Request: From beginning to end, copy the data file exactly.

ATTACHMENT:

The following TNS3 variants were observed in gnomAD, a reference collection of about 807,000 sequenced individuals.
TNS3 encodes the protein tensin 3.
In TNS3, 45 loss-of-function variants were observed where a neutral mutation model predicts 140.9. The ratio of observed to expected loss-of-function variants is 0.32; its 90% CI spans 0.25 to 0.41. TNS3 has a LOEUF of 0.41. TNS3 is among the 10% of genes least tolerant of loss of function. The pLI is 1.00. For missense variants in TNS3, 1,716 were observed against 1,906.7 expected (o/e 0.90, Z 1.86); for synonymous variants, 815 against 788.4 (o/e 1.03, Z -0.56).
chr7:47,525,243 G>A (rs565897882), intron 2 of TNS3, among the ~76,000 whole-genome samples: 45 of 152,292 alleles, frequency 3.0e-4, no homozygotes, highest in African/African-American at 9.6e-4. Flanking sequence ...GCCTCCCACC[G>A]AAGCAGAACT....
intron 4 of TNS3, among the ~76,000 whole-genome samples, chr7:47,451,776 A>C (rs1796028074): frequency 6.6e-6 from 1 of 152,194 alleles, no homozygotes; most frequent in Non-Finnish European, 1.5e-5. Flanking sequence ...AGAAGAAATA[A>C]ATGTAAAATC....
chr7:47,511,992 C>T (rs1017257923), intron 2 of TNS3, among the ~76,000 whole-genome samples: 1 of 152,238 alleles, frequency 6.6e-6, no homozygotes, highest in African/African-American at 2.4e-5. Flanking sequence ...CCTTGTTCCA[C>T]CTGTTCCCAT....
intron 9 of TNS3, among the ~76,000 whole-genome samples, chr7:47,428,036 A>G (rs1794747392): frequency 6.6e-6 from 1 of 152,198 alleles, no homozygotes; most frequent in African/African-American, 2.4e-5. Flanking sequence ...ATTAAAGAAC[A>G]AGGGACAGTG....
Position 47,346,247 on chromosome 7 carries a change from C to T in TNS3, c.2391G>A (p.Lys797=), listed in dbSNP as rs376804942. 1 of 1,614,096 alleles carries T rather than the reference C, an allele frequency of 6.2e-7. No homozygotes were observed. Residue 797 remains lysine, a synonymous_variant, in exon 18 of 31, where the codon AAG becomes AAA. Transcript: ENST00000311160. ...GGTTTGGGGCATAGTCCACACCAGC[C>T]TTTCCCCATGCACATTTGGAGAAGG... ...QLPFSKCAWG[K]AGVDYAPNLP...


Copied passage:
The following TNS3 variants were observed in gnomAD, a reference collection of about 807,000 sequenced individuals.
TNS3 encodes the protein tensin 3.
In TNS3, 45 loss-of-function variants were observed where a neutral mutation model predicts 140.9. The ratio of observed to expected loss-of-function variants is 0.32; its 90% CI spans 0.25 to 0.41. TNS3 has a LOEUF of 0.41. TNS3 is among the 10% of genes least tolerant of loss of function. The pLI is 1.00. For missense variants in TNS3, 1,716 were observed against 1,906.7 expected (o/e 0.90, Z 1.86); for synonymous variants, 815 against 788.4 (o/e 1.03, Z -0.56).
chr7:47,525,243 G>A (rs565897882), intron 2 of TNS3, among the ~76,000 whole-genome samples: 45 of 152,292 alleles, frequency 3.0e-4, no homozygotes, highest in African/African-American at 9.6e-4. Flanking sequence ...GCCTCCCACC[G>A]AAGCAGAACT....
intron 4 of TNS3, among the ~76,000 whole-genome samples, chr7:47,451,776 A>C (rs1796028074): frequency 6.6e-6 from 1 of 152,194 alleles, no homozygotes; most frequent in Non-Finnish European, 1.5e-5. Flanking sequence ...AGAAGAAATA[A>C]ATGTAAAATC....
chr7:47,511,992 C>T (rs1017257923), intron 2 of TNS3, among the ~76,000 whole-genome samples: 1 of 152,238 alleles, frequency 6.6e-6, no homozygotes, highest in African/African-American at 2.4e-5. Flanking sequence ...CCTTGTTCCA[C>T]CTGTTCCCAT....
intron 9 of TNS3, among the ~76,000 whole-genome samples, chr7:47,428,036 A>G (rs1794747392): frequency 6.6e-6 from 1 of 152,198 alleles, no homozygotes; most frequent in African/African-American, 2.4e-5. Flanking sequence ...ATTAAAGAAC[A>G]AGGGACAGTG....
Position 47,346,247 on chromosome 7 carries a change from C to T in TNS3, c.2391G>A (p.Lys797=), listed in dbSNP as rs376804942. 1 of 1,614,096 alleles carries T rather than the reference C, an allele frequency of 6.2e-7. No homozygotes were observed. Residue 797 remains lysine, a synonymous_variant, in exon 18 of 31, where the codon AAG becomes AAA. Transcript: ENST00000311160. ...GGTTTGGGGCATAGTCCACACCAGC[C>T]TTTCCCCATGCACATTTGGAGAAGG... ...QLPFSKCAWG[K]AGVDYAPNLP...